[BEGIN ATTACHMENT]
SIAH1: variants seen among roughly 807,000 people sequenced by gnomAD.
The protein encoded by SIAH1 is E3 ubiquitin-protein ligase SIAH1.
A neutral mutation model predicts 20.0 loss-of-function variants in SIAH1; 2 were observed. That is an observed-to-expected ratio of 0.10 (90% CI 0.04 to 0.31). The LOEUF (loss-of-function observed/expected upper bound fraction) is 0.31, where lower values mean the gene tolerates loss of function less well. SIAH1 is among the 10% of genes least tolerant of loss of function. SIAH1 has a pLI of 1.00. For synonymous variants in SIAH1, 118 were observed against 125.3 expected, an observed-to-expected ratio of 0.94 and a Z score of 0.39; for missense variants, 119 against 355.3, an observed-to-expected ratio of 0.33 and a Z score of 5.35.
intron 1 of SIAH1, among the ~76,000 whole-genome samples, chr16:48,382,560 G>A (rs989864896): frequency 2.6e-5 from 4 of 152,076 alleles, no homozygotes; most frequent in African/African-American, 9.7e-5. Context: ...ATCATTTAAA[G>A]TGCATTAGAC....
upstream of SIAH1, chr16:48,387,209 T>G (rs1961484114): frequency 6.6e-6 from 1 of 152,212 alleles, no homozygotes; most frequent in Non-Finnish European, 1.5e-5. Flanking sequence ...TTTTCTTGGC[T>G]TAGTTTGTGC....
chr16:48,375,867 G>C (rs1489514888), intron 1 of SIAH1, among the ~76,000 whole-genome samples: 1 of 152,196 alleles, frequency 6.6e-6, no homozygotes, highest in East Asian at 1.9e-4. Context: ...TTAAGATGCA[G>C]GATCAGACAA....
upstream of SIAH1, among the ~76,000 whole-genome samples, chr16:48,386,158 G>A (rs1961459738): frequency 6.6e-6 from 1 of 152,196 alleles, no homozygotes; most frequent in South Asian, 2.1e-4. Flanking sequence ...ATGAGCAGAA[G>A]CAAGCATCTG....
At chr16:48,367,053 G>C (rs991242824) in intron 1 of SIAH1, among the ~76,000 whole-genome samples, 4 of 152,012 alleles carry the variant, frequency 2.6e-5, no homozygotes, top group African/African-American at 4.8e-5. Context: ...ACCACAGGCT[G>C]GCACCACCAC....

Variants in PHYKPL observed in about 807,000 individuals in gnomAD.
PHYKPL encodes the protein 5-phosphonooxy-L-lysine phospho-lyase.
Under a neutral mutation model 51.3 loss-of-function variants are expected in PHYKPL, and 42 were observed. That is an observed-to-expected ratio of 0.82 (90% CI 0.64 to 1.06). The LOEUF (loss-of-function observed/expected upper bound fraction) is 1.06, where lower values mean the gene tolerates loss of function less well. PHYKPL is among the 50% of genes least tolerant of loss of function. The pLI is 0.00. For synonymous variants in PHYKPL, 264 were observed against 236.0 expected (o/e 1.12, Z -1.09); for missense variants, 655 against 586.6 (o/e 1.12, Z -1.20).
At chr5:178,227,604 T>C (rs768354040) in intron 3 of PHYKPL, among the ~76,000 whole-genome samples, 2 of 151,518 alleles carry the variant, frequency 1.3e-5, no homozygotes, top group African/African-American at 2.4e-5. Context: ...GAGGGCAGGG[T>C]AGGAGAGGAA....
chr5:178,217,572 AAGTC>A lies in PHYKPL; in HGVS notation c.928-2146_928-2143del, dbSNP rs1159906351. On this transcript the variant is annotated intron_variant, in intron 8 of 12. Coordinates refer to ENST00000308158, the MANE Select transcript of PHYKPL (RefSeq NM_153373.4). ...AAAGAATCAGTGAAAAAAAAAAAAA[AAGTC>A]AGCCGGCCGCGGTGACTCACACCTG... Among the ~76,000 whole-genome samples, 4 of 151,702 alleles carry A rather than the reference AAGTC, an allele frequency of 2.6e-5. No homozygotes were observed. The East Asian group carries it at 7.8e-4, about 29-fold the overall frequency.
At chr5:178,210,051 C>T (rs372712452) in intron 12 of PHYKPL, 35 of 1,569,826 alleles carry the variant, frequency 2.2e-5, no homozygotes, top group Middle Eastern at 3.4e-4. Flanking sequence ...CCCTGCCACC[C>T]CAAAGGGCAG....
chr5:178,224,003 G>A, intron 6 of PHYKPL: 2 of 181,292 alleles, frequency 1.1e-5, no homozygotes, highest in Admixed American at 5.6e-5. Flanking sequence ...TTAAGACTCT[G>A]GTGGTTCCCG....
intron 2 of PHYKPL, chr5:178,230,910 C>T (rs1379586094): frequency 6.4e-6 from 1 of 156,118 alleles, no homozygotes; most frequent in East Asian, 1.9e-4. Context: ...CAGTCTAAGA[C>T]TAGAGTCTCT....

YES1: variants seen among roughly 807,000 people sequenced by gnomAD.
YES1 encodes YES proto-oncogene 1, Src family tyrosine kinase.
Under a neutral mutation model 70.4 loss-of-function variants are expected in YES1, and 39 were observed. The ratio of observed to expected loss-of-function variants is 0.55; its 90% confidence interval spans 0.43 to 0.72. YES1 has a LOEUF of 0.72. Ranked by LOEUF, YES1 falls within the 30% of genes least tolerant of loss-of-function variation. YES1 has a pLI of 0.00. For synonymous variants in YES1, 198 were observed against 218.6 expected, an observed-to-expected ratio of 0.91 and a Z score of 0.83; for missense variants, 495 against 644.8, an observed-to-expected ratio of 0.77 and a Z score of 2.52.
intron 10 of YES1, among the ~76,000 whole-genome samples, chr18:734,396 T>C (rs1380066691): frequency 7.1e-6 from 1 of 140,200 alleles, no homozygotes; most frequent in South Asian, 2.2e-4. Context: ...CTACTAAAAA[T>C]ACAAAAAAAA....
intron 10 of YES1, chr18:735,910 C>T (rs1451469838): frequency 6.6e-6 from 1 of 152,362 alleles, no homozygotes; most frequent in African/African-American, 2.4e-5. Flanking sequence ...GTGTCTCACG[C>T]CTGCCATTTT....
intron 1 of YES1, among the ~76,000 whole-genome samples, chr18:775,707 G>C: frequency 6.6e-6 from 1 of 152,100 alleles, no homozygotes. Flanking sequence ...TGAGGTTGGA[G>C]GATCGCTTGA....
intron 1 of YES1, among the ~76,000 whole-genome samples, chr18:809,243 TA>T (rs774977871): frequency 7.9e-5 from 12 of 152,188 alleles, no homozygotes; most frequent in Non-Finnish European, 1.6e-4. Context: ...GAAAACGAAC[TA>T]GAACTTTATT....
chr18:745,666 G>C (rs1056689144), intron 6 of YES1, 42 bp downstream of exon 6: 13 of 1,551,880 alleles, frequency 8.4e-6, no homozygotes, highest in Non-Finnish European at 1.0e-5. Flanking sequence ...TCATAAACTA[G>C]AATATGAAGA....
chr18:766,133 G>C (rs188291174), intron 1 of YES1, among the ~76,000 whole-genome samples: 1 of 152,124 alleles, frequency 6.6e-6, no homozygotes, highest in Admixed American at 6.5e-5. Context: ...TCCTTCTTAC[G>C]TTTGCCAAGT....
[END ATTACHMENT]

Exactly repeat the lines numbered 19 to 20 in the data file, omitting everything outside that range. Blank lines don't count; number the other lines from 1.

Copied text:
Under a neutral mutation model 70.4 loss-of-function variants are expected in YES1, and 39 were observed. The ratio of observed to expected loss-of-function variants is 0.55; its 90% confidence interval spans 0.43 to 0.72. YES1 has a LOEUF of 0.72. Ranked by LOEUF, YES1 falls within the 30% of genes least tolerant of loss-of-function variation. YES1 has a pLI of 0.00. For synonymous variants in YES1, 198 were observed against 218.6 expected, an observed-to-expected ratio of 0.91 and a Z score of 0.83; for missense variants, 495 against 644.8, an observed-to-expected ratio of 0.77 and a Z score of 2.52.
intron 10 of YES1, among the ~76,000 whole-genome samples, chr18:734,396 T>C (rs1380066691): frequency 7.1e-6 from 1 of 140,200 alleles, no homozygotes; most frequent in South Asian, 2.2e-4. Context: ...CTACTAAAAA[T>C]ACAAAAAAAA....